Variability of choroidal and retinal thicknesses in healthy eyes using swept-source optical coherence tomography – implications for designing clinical trials
Received 10 July 2017
Accepted for publication 30 August 2017
Published 12 October 2017 Volume 2017:11 Pages 1835—1839
Checked for plagiarism Yes
Review by Single anonymous peer review
Peer reviewer comments 2
Editor who approved publication: Dr Scott Fraser
Albert Caramoy,1 Ludwig M Heindl2
1Eye Center Wolfsburg-Fallersleben, Wolfsburg, 2Department of Ophthalmology, University of Cologne, Cologne, Germany
Aim: The aim was to study the variability of choroidal scleral interface (CSI) thickness in healthy subjects and its relevance for designing future studies.
Methods: A total of 123 volunteers were imaged using swept-source optical coherence tomography. Early treatment diabetic retinopathy grid was used.
Results: Mean central retinal thickness was 285.85±14.53 µm and 287.18±12.93 µm, and mean central CSI thickness was 273.94±77.77 µm and 271.19±78.85 µm for the right and left eyes, respectively. Mean retinal and CSI thicknesses correlated negatively with age (p=0.023, r=–0.208 and p<0.0001, r=–0.426, respectively) and axial length (p=0.016, r=–0.220 and p<0.0001, r=–0.504, respectively). To detect a CSI change of at least 112 µm, a sample size of 11 or 36 per group is needed for a single- or double-arm study, respectively (α=0.05, power =0.90, no loss to follow-up, assuming standard deviation in future studies as 100 µm).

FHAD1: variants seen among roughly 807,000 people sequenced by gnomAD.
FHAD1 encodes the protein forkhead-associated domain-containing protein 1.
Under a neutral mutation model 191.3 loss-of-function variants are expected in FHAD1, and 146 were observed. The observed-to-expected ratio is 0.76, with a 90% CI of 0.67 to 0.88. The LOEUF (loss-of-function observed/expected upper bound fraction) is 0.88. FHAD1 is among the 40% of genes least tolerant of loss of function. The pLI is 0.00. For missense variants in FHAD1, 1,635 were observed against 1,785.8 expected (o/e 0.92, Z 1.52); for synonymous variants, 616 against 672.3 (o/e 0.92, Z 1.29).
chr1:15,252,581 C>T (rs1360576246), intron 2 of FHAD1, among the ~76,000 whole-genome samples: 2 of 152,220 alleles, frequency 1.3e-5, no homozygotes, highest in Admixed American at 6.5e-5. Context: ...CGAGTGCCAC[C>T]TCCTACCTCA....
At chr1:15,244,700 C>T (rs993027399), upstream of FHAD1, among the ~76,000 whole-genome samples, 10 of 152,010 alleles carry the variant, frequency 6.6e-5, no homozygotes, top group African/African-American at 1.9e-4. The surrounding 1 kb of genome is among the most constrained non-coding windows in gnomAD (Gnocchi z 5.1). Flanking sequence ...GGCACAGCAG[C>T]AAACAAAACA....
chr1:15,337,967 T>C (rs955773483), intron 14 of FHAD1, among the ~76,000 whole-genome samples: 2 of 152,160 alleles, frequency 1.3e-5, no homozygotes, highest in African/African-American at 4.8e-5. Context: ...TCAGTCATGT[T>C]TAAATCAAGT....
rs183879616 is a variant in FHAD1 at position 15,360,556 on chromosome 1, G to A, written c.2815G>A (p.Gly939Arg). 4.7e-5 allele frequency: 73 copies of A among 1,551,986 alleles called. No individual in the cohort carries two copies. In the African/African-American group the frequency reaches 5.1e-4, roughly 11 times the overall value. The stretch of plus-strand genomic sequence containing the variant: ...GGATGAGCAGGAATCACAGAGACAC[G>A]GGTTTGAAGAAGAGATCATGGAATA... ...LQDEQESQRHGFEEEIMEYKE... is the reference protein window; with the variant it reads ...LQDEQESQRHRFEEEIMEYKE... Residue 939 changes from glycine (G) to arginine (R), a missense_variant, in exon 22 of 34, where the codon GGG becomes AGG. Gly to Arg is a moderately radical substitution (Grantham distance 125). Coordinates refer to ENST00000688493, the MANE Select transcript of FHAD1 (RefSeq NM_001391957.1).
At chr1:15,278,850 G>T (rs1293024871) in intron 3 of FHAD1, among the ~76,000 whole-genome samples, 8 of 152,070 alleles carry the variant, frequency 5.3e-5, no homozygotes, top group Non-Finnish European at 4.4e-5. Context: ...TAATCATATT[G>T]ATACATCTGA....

Conclusion: Future clinical studies using CSI as end point are possible with regard to sample size needed.
Keywords: swept-source optical coherence tomography, choroidal thickness, retinal thickness, clinical trials
The development of optical coherence tomography has revolutionized the ophthalmology. Using this technology, we are able to produce a high-detailed image of the retina. In recent years, the development of swept-source technology has enabled us to produce images in a much faster way.1 Also, the use of 1,050 nm wave length enables us to penetrate the retina much better, therefore allowing a deeper penetration into the choroid.2
Several authors have shown that choroidal thickness is associated with retinal diseases such as central serous chorioretinopathy and age-related macular degeneration.3–6 However, choroidal thickness is also influenced by other factors, such as axial length.7–9 Although visual acuity is a common parameter measured in clinical trials, there is a need to examine secondary end points as well. For example, in trials in which cataract is a common adverse event, objective measurements of retina and choroid are desirable.
Therefore, the exact measurements of choroidal thickness in healthy individuals are essential for future clinical research using this parameter. In the present study, we measure choroidal and retinal thicknesses in healthy participants. We examine its variability and relevance in designing clinical trials using this parameter.